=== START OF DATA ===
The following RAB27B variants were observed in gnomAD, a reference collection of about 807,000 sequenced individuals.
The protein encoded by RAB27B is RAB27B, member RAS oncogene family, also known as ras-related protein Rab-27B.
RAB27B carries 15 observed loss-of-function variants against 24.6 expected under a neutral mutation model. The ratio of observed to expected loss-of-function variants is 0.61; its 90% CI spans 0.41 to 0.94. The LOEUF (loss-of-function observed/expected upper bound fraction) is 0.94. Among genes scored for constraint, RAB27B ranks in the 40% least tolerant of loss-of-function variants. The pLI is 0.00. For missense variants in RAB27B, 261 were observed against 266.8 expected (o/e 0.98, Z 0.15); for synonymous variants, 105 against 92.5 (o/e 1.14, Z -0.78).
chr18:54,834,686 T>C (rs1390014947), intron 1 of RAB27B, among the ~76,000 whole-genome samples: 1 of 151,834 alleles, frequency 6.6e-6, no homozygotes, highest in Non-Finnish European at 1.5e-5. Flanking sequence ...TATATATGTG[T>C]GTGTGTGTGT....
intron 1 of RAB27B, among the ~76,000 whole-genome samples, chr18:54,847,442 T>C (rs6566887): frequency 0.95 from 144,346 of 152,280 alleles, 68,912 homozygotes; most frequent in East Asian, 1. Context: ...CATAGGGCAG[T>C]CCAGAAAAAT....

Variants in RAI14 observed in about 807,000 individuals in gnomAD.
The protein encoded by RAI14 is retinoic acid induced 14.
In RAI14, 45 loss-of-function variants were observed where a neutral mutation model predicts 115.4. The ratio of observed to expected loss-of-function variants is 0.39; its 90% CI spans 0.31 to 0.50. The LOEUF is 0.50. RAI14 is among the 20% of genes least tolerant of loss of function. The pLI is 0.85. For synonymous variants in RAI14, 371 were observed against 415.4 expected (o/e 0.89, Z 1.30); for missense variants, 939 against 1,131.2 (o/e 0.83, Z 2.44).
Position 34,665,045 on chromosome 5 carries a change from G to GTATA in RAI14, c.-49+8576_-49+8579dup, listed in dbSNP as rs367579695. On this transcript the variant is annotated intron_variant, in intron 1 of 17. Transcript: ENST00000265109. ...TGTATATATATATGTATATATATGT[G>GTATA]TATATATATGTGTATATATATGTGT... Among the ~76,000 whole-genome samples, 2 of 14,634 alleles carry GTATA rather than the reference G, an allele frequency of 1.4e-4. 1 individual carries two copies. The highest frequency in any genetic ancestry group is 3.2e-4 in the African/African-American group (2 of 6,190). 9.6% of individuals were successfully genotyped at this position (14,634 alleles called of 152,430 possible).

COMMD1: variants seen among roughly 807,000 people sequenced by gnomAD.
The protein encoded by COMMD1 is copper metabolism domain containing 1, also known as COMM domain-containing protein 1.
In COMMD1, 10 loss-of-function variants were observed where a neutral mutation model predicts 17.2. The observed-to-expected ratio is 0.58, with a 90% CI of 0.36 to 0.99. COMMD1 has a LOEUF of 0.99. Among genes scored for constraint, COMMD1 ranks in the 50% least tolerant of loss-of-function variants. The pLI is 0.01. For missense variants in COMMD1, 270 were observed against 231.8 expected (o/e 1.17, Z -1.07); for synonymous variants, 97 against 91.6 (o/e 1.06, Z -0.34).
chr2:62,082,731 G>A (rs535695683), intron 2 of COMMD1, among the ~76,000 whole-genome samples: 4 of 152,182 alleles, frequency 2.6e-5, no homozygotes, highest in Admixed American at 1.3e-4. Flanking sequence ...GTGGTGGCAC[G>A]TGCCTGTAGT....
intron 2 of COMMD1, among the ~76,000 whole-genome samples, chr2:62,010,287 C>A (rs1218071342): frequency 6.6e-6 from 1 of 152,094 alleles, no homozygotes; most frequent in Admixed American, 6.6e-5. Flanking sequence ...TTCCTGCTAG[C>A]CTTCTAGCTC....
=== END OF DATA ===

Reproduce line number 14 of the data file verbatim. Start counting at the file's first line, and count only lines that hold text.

intron 2 of COMMD1, among the ~76,000 whole-genome samples, chr2:62,010,287 C>A (rs1218071342): frequency 6.6e-6 from 1 of 152,094 alleles, no homozygotes; most frequent in Admixed American, 6.6e-5. Flanking sequence ...TTCCTGCTAG[C>A]CTTCTAGCTC....